07 February 2014

For the Love of "Useless" Art


A detail of an 18th century French porcelain vase from the Sèvres Manufactory, designed by Jean-Claude Chambellan Duplessis (1699 — 1774) and featured in Luke Syson's January 2014 TED talk. Image courtesy of the Metropolitan Museum of Art.


Those of us who love and collect decorative arts objects know that simply seeing and engaging with them can bring a great deal of satisfaction into our daily lives. But what draws us into certain classes of objects and repels us from others? How do we define quality and beauty in a time in which simplicity and elegance are the rule?

Today I'd like to share a brilliant TED talk given by Luke Syson, the Iris and B. Gerald Cantor Curator in Charge of the Department of European Sculpture and Decorative Arts at The Metropolitan Museum of Art. He takes us along on a (hilarious) journey from repulsion, to familiarity, to acceptance, and finally to admiration of the Sèvres vase you see above. Most interesting to me was his thesis that in our Modernist culture, fancy or imagination has been sequestered into our screen lives while everyday objects have become more and more unremarkable, leaving little space for "useless" objects in modern life. 

There is much to think about here, but I hope most of all that you'll be lucky enough to find yourselves on a journey similar to Luke Syson's, with a fancy pink elephant of your own opening the door to the appreciation of another...and another... 


video

4 comments:

  1. Hello Erika, I am not sure that I agree 100% with Mr. Syson, After all, how many people even in the 18th Century owned objects like this, and there are still decorative and innovative (and marginally useless) objects for those who seek them.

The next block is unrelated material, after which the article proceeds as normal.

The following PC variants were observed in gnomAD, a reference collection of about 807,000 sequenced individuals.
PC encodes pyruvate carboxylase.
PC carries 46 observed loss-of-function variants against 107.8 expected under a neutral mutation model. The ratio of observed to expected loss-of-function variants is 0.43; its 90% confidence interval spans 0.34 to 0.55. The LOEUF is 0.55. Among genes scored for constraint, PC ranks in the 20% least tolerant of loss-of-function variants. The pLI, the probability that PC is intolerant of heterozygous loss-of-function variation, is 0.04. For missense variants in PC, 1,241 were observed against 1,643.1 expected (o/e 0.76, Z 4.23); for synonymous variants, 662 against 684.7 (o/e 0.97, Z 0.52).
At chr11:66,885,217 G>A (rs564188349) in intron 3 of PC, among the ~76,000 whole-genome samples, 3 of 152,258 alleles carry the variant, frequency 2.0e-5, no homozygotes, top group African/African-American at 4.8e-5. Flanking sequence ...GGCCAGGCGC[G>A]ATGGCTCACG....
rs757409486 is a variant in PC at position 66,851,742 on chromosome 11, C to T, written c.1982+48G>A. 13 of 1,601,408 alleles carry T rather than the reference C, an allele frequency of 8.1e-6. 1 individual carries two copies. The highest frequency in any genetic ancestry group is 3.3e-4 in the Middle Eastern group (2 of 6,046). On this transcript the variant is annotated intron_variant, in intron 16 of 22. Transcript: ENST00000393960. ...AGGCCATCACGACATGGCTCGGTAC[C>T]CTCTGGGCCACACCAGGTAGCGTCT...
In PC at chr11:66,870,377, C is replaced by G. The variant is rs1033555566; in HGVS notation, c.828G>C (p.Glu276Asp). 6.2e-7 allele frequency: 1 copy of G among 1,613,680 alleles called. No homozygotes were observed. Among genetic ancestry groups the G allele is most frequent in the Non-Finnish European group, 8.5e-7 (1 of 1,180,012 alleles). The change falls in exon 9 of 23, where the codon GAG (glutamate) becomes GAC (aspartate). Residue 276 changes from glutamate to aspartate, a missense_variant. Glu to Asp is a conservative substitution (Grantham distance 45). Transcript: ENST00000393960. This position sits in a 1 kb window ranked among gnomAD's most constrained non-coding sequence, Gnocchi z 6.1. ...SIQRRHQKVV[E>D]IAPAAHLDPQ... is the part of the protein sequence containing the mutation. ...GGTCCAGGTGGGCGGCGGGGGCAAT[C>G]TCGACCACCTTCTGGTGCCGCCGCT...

A broader point of his was more interesting--how we can start out by despising something and eventually admire it. For example, I used to abhor old textiles, but now I can accept many, and even own a few.

    Once something comes within our view, the more we see and study it, the more we understand, accept and like it--thus Luke Syson and his pink elephant vase.
    --Jim

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    1. Hello Jim,
      Thanks for your message. I'm glad you enjoyed seeing this TED talk-- I've found so many wonderful, thought provoking talks there.

      Warm regards,
      Erika

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  2. Dear Erika,

    It's interesting how we reappraise certain items from our own lives, and how so often that has to do with seeing objects out of their original context. That happens to me whenever I see the things of my childhood become retro collectibles. I grew up in a 1950s house with two brothers, and for most of my childhood we had a mélange of furniture that was more for endurance than style. I remember we had a globe with black seas, and I hated its look. Now I'm seeing that same globe again and can appreciate its retro stylishness. BUT, I also note that the people who celebrate a past style and make it retro usually never actually lived through it!

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    1. Hello Mark,
      It really is interesting how tastes evolve and change, isn't it? I've experienced some of what you're describing: the bright colored plastic Merimekko dishes and Danish Modern furniture of my childhood is now coveted by 20-somethings... It's hard for me to see it, because it was just the functional stuff that filled our house. I do wish that I still had my Olivetti manual typewriter, though!

      Warm regards,
      Erika

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